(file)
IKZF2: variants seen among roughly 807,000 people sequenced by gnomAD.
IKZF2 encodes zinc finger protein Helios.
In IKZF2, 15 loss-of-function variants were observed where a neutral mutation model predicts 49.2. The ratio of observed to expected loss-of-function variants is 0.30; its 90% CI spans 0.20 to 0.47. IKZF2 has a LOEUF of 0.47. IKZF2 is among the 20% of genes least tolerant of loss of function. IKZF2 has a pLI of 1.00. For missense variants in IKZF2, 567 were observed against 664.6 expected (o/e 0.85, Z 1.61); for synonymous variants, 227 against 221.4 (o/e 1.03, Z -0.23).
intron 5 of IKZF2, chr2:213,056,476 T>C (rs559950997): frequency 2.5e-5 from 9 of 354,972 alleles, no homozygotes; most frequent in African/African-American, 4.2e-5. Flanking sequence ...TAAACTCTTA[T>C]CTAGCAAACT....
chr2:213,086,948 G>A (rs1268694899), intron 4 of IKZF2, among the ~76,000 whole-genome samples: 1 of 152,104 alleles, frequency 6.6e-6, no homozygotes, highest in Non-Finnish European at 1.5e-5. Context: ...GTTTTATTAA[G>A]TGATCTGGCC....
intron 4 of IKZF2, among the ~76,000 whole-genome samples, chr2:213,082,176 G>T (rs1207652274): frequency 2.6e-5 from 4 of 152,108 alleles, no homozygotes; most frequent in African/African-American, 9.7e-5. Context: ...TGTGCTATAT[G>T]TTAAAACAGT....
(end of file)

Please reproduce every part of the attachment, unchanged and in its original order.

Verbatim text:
IKZF2: variants seen among roughly 807,000 people sequenced by gnomAD.
IKZF2 encodes zinc finger protein Helios.
In IKZF2, 15 loss-of-function variants were observed where a neutral mutation model predicts 49.2. The ratio of observed to expected loss-of-function variants is 0.30; its 90% CI spans 0.20 to 0.47. IKZF2 has a LOEUF of 0.47. IKZF2 is among the 20% of genes least tolerant of loss of function. IKZF2 has a pLI of 1.00. For missense variants in IKZF2, 567 were observed against 664.6 expected (o/e 0.85, Z 1.61); for synonymous variants, 227 against 221.4 (o/e 1.03, Z -0.23).
intron 5 of IKZF2, chr2:213,056,476 T>C (rs559950997): frequency 2.5e-5 from 9 of 354,972 alleles, no homozygotes; most frequent in African/African-American, 4.2e-5. Flanking sequence ...TAAACTCTTA[T>C]CTAGCAAACT....
chr2:213,086,948 G>A (rs1268694899), intron 4 of IKZF2, among the ~76,000 whole-genome samples: 1 of 152,104 alleles, frequency 6.6e-6, no homozygotes, highest in Non-Finnish European at 1.5e-5. Context: ...GTTTTATTAA[G>A]TGATCTGGCC....
intron 4 of IKZF2, among the ~76,000 whole-genome samples, chr2:213,082,176 G>T (rs1207652274): frequency 2.6e-5 from 4 of 152,108 alleles, no homozygotes; most frequent in African/African-American, 9.7e-5. Context: ...TGTGCTATAT[G>T]TTAAAACAGT....